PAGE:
I'm not sure of the actual name of the chemicals, but we used to call it an iridite kit for whatever reason, and I did get the details of the process a bit wrong. The first chemical to be applied to the bare aluminium is the cleaning chemical. You then use scotchbrite to scrub the surface thoroughly. Scotchbrite is the tradename for the polymer based scouring pads used to clean pots and pans.

Once you have scrubbed thoroughly, you rinse with water as you mentioned. I used to then repeat the cleaning process once or twice more to get the surface as clean as possible. Once the surface is clean, you spray the etching / protective chemical on, usually while the surface is still wet from the last rinse. You are meant to leave the etch / protective chemical on until you get a light golden brown colour. You then rinse the excess off with water which leaves the surface ready for primer and paint.

Quoting ZKNZA (Reply 5):
is by applying a corrosion prevention compound to the airframe

Yep, I completely forgot about that. We used to use a two part spray on chemical process made by the Ardrox company. The first coat was light Ardrox which was a light water repellent oil. Once this was dry, we would apply heavy Ardrox which used to spray out as a light to medium foam. During my later days at my first employer, Boeing began to use a one part CPC, which appeared bright red on the surface like a mix of blood and tomato sauce! The worst thing after a day spent CPC spraying was all the excess CPC chemicals that fell on you. You would try to wash your hair when you got home but you would find that all the CPC had completely water proofed your hair!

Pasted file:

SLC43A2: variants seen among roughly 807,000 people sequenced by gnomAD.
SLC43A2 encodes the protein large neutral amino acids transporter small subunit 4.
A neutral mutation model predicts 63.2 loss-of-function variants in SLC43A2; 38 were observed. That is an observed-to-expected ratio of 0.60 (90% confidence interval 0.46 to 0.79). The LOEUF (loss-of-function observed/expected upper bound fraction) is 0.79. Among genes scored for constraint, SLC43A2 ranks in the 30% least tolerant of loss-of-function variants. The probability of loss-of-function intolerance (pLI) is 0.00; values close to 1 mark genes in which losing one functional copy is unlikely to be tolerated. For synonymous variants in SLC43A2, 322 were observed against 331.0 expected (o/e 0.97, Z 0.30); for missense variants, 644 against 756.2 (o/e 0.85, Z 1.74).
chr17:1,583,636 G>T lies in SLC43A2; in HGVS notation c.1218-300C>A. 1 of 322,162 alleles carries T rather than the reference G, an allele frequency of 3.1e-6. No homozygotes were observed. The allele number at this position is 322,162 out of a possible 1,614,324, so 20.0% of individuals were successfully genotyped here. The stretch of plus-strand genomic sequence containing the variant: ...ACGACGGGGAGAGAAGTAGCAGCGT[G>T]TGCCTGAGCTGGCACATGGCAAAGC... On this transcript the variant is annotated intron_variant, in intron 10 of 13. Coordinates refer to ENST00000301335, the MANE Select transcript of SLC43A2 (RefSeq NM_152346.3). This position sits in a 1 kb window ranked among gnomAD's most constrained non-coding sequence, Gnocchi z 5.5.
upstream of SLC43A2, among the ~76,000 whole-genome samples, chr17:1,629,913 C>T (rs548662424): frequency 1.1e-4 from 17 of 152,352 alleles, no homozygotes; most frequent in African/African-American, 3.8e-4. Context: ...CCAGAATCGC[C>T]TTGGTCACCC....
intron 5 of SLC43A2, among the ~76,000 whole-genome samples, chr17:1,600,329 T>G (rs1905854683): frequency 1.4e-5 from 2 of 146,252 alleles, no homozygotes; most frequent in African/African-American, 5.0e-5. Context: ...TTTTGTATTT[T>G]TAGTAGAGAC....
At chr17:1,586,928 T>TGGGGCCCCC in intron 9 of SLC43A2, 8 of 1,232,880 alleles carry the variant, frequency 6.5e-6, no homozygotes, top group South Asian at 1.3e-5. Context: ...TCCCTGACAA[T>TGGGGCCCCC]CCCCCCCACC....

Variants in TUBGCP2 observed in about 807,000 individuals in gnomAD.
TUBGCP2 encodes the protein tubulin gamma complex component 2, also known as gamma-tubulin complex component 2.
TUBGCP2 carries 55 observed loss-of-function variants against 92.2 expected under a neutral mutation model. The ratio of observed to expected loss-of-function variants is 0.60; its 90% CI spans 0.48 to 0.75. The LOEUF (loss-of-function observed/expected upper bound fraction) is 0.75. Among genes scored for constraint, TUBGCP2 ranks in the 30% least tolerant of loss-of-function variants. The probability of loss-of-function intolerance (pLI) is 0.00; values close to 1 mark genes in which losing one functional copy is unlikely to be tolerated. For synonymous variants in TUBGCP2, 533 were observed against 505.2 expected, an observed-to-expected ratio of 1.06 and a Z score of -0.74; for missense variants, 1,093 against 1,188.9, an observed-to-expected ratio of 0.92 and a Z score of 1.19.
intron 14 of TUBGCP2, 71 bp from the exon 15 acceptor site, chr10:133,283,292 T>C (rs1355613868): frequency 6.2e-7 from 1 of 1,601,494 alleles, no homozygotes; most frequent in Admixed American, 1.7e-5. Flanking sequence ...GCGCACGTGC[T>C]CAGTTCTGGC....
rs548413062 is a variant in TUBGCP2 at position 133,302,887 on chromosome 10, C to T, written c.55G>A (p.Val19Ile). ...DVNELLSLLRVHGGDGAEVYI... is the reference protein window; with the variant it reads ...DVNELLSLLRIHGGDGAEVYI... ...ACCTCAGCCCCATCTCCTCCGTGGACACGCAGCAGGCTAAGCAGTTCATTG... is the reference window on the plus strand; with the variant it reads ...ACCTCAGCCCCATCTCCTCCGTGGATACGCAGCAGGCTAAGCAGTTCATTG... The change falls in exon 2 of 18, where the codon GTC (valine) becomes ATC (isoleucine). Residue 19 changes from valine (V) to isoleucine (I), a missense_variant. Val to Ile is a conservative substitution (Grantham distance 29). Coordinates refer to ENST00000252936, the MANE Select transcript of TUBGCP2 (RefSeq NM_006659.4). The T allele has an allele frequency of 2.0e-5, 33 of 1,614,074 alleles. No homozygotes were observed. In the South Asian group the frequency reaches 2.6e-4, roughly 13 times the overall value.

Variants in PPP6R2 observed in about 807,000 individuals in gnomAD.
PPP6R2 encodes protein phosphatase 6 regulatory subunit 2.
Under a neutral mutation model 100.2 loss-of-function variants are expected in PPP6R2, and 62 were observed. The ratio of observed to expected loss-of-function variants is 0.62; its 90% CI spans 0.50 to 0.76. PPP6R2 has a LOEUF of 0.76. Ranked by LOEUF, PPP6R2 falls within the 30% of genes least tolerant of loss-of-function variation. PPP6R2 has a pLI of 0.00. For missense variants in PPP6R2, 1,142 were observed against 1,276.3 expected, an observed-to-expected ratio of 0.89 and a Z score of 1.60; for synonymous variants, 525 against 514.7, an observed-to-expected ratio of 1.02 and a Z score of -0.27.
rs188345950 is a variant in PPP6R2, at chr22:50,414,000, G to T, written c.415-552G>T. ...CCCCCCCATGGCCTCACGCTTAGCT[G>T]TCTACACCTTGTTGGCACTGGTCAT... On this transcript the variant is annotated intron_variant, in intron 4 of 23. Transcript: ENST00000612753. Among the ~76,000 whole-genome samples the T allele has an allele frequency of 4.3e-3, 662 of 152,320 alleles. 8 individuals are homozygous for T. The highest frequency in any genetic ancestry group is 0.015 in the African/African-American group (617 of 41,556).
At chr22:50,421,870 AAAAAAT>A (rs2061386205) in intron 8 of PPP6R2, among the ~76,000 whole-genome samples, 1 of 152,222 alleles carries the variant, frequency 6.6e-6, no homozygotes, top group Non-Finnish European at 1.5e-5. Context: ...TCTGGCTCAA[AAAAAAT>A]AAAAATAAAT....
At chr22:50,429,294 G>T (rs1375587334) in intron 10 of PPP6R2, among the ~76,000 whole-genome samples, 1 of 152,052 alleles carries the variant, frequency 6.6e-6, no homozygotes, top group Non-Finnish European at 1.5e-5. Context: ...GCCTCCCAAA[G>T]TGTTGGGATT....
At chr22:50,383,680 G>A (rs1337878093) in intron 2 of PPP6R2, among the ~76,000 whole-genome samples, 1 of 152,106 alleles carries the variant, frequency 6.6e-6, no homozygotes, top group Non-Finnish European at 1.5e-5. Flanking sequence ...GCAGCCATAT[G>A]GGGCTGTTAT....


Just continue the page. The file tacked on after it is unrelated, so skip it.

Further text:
Regards, JetMech



JetMech split the back of his pants. He can feel the wind in his hair.
User currently offlineMr Spaceman From Canada, joined Mar 2001, 2787 posts, RR: 9
Reply 10, posted (7 years 8 months 4 weeks 23 hours ago) and read 8115 times:

Hi guys.

Quoting GFA330 (Thread starter):
How common is that corossion is found on commercial acft ?

Also, I'd like to ask how common it is to find corossion inside the engines (both piston & jet) of aircraft.

After taking some shots of this Challenger bizjet, I looked in the rear section of one of the engines and was surprised to see a patch of rust. At least it looked like rust at first because of the colour. Then I believed that it was a stain from some kind of liquid.

In the case of a jet engine, can areas of rust appear in the exhaust nozzle if the aircraft has just sat around for a while & the engines haven't been started? If the answer is yes, how big of a concern would it be & would it need to be fixed or would the hot jet exhaust just burn it away after the next engine startup?

http://img.photobucket.com/albums/v373/Thud/EngineRust.jpg

http://img.photobucket.com/albums/v373/Thud/BlueWhite601Challenger.jpg

Thanks,

Chris  Smile



"Just a minute while I re-invent myself"
User currently offlineHAWK21M From India, joined Jan 2001, 31702 posts, RR: 56
Reply 11, posted (7 years 8 months 4 weeks 21 hours ago) and read 8091 times:

http://www.corrosion-doctors.org/Modules/Modules.htm

http://www.engr.ku.edu/~rhale/ae510/corrosion.pdf

On Freighters the Lack of Galley & minimum use of the Toilets help the Area below these unit to be less prone to corrosion that normally would be present on Commercial Aircraft due water seepage thru the Rubber mats & Mylar sheets over time.